Honeywell Emerges From the Wireless Cloud

June 12, 2006
With Honeywell Marketing chief, Harry Sim, moderating, a panel consisting of Jack Bolick, David Kaufman, business development director for wireless, and Honeywell systems consultant Ken Moshier presented the long-awaited Honeywell wireless solution. Bolick began by suggesting that the environment is right for wireless. "Technologies like plant optimization, compliance, safety, and equipment health monitoring," he said, "are ready for wireless." Those more difficult applications, the "...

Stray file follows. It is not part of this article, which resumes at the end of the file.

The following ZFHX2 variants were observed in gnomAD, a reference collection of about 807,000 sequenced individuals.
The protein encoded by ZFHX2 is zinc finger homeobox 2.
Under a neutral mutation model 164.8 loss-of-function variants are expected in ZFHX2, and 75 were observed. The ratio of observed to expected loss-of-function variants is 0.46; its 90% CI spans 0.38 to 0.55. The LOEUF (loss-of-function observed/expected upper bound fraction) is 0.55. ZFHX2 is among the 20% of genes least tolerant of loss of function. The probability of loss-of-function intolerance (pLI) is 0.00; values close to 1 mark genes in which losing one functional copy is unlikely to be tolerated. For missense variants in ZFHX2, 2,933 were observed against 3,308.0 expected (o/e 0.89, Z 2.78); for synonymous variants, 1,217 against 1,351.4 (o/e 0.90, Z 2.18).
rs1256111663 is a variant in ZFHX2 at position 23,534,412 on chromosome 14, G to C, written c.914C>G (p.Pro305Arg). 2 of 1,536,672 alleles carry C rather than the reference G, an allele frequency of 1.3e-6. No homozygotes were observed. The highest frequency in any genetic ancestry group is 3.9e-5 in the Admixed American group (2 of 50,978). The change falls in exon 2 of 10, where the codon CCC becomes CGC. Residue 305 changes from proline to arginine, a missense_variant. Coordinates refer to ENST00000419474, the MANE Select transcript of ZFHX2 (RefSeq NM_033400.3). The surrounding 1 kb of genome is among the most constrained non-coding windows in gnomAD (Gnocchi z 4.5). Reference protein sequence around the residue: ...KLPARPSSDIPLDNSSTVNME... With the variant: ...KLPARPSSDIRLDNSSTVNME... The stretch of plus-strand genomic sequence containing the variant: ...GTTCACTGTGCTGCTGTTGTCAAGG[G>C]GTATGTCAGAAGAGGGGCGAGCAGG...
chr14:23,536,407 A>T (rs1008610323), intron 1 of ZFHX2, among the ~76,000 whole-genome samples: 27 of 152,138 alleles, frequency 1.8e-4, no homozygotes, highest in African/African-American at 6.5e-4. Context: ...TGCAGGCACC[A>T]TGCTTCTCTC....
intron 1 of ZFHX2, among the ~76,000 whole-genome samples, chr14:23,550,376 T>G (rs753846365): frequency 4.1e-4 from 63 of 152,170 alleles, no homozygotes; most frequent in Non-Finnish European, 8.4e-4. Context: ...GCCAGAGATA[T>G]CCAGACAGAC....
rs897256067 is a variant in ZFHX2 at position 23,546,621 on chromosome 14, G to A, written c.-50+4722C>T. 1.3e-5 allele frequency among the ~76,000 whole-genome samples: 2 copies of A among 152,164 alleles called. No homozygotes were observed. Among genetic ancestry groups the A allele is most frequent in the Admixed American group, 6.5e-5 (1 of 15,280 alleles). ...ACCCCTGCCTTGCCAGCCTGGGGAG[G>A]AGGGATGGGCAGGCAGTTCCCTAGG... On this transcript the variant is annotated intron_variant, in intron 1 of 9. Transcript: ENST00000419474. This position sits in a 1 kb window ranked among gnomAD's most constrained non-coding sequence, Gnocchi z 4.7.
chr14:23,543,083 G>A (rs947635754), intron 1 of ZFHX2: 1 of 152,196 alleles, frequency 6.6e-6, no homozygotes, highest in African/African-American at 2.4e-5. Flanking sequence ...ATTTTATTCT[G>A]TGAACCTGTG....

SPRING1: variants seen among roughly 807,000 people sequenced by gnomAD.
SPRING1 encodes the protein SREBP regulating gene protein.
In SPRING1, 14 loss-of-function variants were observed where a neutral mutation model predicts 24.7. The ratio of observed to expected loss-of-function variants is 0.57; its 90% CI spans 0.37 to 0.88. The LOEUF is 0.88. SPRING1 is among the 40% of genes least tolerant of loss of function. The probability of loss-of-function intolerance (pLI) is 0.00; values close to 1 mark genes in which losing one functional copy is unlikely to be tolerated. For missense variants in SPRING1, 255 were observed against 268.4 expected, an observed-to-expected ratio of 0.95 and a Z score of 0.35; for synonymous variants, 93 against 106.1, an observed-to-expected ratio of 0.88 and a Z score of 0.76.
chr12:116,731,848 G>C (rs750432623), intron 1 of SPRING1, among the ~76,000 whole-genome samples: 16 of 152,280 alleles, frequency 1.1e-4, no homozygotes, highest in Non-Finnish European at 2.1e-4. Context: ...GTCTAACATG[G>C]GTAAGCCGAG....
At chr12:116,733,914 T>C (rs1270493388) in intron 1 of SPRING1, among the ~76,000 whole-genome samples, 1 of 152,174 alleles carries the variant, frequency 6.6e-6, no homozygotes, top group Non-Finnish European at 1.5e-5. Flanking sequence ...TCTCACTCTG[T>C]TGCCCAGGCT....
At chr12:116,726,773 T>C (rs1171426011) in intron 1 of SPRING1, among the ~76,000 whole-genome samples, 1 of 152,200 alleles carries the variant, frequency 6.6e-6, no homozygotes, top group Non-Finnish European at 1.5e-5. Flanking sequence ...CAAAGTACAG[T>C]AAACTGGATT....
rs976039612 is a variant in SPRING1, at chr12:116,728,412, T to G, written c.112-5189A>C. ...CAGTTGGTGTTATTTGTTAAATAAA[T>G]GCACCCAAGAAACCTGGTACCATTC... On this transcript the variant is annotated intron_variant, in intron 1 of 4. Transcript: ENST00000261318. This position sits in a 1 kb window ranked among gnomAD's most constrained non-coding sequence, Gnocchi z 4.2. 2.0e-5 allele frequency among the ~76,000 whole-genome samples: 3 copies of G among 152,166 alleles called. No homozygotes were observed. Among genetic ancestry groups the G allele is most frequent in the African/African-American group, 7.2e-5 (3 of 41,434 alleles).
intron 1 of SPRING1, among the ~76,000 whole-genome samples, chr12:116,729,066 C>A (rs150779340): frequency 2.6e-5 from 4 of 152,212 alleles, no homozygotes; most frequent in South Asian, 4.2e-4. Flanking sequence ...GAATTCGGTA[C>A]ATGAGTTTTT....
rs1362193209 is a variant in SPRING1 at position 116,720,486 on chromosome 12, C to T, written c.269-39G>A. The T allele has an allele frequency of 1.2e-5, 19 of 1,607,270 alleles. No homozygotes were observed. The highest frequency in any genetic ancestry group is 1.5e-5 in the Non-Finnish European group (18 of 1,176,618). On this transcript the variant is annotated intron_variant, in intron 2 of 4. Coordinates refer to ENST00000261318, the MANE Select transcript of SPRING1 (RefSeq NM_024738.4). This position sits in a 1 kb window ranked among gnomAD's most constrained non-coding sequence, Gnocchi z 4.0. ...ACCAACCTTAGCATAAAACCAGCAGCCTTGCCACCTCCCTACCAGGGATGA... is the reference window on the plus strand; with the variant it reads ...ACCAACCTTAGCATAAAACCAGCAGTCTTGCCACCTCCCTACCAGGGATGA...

With Honeywell Marketing chief, Harry Sim, moderating, a panel consisting of Jack Bolick, David Kaufman, business development director for wireless, and Honeywell systems consultant Ken Moshier presented the long-awaited Honeywell wireless solution. Bolick began by suggesting that the environment is right for wireless. "Technologies like plant optimization, compliance, safety, and equipment health monitoring," he said, "are ready for wireless." Those more difficult applications, the "mission critical" control applications may come later. "Wireless technology is advancing," Bolick said, "becoming cost-effective and standardizing." Bolick pointed to existing Honeywell wireless applications, like IntelaTrak and Mobile PKS, wireless transmitters, wireless worker solutions and wireless services. In an important comment, Bolick noted that one of the chief applications of wireless is to connect many more sensors than was formerly cost effective, directly to the process historian, and bypassing the control loop system. This will make it possible to convert assumed value variables to real time process variables in simulations and advanced control models. Ken Moshier then discussed the use of RFID tracking in the industrial enterprise. "People and asset location become data in the system," he said. Honeywell's ultra wide band RFID implementation makes active tracking practical, at long distances (upwards of 1000 feet in line-of-sight, thousands of tags, and with both 2D and 3D resolution with one foot resolution for tracking) for coverage of large areas. "The most important thing," Moshier reported, "is the fact that these systems are completely integrated into PKS or EBI (building automation -ed.) systems." As these systems are adopted, new techniques can be used, such as real time mustering, which will effectively and cost effectively meet OSHA standards, some for the first time, and with high values return and integration to customers' standard operating plans. People location can prevent accidental startup or shutdown of volatile units; automatically confirm that the required personnel are either in or not in an area (startup of rotating machinery, for example); can be graphically associated with key business information, and can be added to the plant historian for ease in analysis when an accident does occur. "The plant is safer through prevention and mitigation," Moshier said, "since we can provide real time mustering data, "˜man down' data, unique tools and equipment, and do all of it in real time." Dave Kaufman took the floor to describe the wireless infrastructure system that can do all this and more. "As was said this morning, we're obsessed with the voice of the customer. We did research that clustered around these eleven key customer system requirements: 1. security 2. reliable communications 3. good power management 4. open 5. multispeed monitoring 6. multi-functional 7. scalable 8. globally useable 9. quality of service 10. multi-protocol 11. "˜control ready' "Clearly some of these are antitheses, but we think we've been able to juggle them into a suitable architecture," Kaufman continued. "We're using as our radio partner a company called 3Ti, whose iNode product is the same tech as that used on Air Force One, the presidential motorcade, the British Prime Minister's security systems and to protect the US bases in Fallujah in Iraq," he said. "This is our next generation system," Kaufman pointed out, "and existing Honeywell wireless devices can connect to this system as a subnetwork through a gateway. Let's see how the system stands up to the user requirements." 1. Security is WPA2, AES-based, with device authorization, providing a. Confidentiality b. Message integrity c. Replay protection d. Source authentication e. Resistance to Denial-of-service attacks f. With a convenient key-management system 2. High speed frequency hopping spread spectrum mesh tolerant sensor network 3. average ten year battery life 4. open, via the PKS advantage program 5. minimum one second latency 6. integrated 802.11 network for sensors and handhelds 7. scalable from one gateway/one sensor to: a. up to 1000 sensors at 1 second update b. up to 10k sensors at 10 second update c. up to 30k sensors at 30 second update 54 Mbit (9 Mbps effective) speed, and 802.11 based 8. uses globally available 2.4 GHz band 9. optimized Quality of Service 10. multiprotocol, universal wireless architecture with gateways for various protocols 11. "˜control ready' redundant system In addition, Kaufman said, Honeywell has a full suite of wireless services such as assessment, system design, implementation and network management for the end user without the onboard capability. The intellectual property behind this new architecture will be offered to the standards making bodies via the SP100 RFP process, specifically to SP100.11, but in the meantime, Honeywell is making the technology available to anyone in the PKS Advantage program, and four radio kit makers (Aerocomm, Cirronet, LS Research, and Omnex) have been signed up to make open sensor radio kits that anybody can use. Harry Sim noted, "As with Cisco when they offer a new router that anticipates a standard, what we are doing is producing a pre-standard release, one that we have tried very hard to match to what we think will be the eventual standard, and which will be harmonized with the eventual standard when it is released." Beta testing is slated for early in 2007, with product shipment in mid to late 2007.